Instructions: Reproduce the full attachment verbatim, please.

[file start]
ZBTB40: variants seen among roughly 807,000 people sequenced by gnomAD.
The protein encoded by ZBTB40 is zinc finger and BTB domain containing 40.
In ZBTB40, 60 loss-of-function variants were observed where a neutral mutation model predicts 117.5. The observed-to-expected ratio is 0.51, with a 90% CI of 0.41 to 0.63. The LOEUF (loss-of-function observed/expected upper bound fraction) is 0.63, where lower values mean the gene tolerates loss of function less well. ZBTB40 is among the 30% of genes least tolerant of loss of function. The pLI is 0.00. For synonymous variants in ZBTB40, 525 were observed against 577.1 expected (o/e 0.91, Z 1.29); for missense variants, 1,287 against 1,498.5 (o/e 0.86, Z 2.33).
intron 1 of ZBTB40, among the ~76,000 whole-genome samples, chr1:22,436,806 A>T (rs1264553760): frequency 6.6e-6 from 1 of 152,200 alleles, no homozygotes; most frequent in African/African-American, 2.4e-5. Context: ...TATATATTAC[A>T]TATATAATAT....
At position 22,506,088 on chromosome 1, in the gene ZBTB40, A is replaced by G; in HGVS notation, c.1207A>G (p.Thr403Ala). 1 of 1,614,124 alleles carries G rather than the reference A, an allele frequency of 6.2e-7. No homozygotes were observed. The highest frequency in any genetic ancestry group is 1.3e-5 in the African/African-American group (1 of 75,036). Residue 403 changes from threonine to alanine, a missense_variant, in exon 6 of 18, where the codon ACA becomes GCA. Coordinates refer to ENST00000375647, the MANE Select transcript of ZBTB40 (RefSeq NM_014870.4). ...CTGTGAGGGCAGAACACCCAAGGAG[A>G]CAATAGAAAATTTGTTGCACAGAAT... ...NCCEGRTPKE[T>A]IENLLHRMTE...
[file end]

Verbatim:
ZBTB40: variants seen among roughly 807,000 people sequenced by gnomAD.
The protein encoded by ZBTB40 is zinc finger and BTB domain containing 40.
In ZBTB40, 60 loss-of-function variants were observed where a neutral mutation model predicts 117.5. The observed-to-expected ratio is 0.51, with a 90% CI of 0.41 to 0.63. The LOEUF (loss-of-function observed/expected upper bound fraction) is 0.63, where lower values mean the gene tolerates loss of function less well. ZBTB40 is among the 30% of genes least tolerant of loss of function. The pLI is 0.00. For synonymous variants in ZBTB40, 525 were observed against 577.1 expected (o/e 0.91, Z 1.29); for missense variants, 1,287 against 1,498.5 (o/e 0.86, Z 2.33).
intron 1 of ZBTB40, among the ~76,000 whole-genome samples, chr1:22,436,806 A>T (rs1264553760): frequency 6.6e-6 from 1 of 152,200 alleles, no homozygotes; most frequent in African/African-American, 2.4e-5. Context: ...TATATATTAC[A>T]TATATAATAT....
At position 22,506,088 on chromosome 1, in the gene ZBTB40, A is replaced by G; in HGVS notation, c.1207A>G (p.Thr403Ala). 1 of 1,614,124 alleles carries G rather than the reference A, an allele frequency of 6.2e-7. No homozygotes were observed. The highest frequency in any genetic ancestry group is 1.3e-5 in the African/African-American group (1 of 75,036). Residue 403 changes from threonine to alanine, a missense_variant, in exon 6 of 18, where the codon ACA becomes GCA. Coordinates refer to ENST00000375647, the MANE Select transcript of ZBTB40 (RefSeq NM_014870.4). ...CTGTGAGGGCAGAACACCCAAGGAG[A>G]CAATAGAAAATTTGTTGCACAGAAT... ...NCCEGRTPKE[T>A]IENLLHRMTE...